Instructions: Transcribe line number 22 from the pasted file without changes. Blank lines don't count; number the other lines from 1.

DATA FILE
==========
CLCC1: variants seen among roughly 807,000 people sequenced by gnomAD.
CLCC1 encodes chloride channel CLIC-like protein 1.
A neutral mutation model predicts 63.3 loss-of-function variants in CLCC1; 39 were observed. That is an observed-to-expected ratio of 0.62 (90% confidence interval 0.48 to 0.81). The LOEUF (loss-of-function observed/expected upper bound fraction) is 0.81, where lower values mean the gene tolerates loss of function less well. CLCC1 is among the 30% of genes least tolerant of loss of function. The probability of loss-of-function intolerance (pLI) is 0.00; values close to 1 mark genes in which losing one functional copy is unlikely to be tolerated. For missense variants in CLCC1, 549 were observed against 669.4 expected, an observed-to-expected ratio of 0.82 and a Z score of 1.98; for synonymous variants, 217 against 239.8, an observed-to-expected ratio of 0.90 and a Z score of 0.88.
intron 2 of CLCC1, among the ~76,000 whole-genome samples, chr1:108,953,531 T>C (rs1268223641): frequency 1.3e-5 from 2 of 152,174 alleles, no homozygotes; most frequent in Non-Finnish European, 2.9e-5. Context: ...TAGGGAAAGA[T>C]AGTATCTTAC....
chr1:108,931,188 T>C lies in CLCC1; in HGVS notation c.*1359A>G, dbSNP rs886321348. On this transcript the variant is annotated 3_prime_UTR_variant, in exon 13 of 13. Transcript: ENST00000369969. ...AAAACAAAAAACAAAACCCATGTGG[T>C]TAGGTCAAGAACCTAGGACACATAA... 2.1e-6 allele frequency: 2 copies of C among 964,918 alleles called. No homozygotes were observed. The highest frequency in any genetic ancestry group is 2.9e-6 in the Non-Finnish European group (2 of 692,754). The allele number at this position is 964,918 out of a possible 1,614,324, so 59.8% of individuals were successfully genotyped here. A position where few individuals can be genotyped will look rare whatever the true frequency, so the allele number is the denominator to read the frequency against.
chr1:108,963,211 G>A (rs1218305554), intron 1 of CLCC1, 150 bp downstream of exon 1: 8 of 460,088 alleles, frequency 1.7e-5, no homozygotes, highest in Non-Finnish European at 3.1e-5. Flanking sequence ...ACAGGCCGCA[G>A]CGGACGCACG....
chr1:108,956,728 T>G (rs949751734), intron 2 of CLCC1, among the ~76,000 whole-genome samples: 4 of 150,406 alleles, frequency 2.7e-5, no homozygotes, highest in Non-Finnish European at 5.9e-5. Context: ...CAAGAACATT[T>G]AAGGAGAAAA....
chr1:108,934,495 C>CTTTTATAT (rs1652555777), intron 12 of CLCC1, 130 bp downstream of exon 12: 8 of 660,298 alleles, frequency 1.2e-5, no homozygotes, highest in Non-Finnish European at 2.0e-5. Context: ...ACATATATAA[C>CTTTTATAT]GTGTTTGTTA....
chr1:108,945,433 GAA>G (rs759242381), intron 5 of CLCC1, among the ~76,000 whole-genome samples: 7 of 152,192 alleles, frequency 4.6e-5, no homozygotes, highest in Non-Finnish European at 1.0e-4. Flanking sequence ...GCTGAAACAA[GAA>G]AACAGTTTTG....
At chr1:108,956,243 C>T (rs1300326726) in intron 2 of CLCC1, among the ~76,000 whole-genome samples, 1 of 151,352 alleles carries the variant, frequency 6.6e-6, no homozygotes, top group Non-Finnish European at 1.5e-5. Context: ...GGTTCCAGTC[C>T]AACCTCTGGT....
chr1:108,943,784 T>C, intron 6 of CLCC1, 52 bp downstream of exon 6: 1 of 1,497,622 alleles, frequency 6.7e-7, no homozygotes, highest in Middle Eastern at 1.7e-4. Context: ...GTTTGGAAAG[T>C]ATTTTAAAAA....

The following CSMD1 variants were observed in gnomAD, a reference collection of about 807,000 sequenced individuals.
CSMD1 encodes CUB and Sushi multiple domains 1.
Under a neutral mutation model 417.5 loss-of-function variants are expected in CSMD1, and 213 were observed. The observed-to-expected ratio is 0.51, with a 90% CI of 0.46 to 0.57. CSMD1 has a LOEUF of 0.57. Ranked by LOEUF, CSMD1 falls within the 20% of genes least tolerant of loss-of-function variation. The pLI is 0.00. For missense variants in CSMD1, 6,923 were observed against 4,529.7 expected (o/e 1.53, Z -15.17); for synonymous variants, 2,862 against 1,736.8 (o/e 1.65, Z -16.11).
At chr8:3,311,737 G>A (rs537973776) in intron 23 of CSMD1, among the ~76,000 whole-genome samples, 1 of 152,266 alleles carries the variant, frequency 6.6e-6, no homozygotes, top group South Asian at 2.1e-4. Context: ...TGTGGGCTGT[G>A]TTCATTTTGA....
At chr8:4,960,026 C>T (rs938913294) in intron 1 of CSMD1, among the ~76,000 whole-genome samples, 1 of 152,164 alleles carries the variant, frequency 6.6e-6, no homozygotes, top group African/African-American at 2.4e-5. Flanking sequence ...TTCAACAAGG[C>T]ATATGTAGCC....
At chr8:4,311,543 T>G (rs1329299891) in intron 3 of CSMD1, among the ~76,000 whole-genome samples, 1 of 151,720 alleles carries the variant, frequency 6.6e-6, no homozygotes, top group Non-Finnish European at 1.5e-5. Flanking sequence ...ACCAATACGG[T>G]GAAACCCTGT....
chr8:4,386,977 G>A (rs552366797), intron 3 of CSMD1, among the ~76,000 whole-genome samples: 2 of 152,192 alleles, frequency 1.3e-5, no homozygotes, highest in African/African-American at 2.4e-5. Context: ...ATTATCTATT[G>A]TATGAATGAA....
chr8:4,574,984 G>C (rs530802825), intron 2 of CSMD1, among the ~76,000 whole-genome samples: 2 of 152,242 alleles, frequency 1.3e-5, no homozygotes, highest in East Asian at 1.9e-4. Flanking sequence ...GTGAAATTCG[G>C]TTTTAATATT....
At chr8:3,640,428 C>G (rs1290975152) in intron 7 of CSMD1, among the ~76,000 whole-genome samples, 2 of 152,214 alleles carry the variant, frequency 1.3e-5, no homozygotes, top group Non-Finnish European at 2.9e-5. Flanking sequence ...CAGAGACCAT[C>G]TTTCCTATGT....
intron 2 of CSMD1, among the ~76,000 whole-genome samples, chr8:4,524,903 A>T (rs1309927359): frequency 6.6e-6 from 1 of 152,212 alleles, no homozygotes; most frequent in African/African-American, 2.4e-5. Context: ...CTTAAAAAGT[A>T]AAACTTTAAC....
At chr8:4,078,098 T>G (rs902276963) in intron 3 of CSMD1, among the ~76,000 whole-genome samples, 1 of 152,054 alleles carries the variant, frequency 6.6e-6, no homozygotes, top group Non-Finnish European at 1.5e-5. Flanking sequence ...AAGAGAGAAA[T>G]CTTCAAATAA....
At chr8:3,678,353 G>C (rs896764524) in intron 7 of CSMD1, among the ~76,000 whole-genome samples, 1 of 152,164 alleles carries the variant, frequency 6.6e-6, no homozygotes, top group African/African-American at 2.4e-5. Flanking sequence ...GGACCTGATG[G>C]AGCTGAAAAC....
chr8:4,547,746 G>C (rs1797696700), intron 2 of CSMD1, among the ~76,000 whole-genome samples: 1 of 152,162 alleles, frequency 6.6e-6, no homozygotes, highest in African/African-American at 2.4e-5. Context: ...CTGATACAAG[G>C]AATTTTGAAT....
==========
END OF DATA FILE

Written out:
At chr8:4,078,098 T>G (rs902276963) in intron 3 of CSMD1, among the ~76,000 whole-genome samples, 1 of 152,054 alleles carries the variant, frequency 6.6e-6, no homozygotes, top group Non-Finnish European at 1.5e-5. Flanking sequence ...AAGAGAGAAA[T>G]CTTCAAATAA....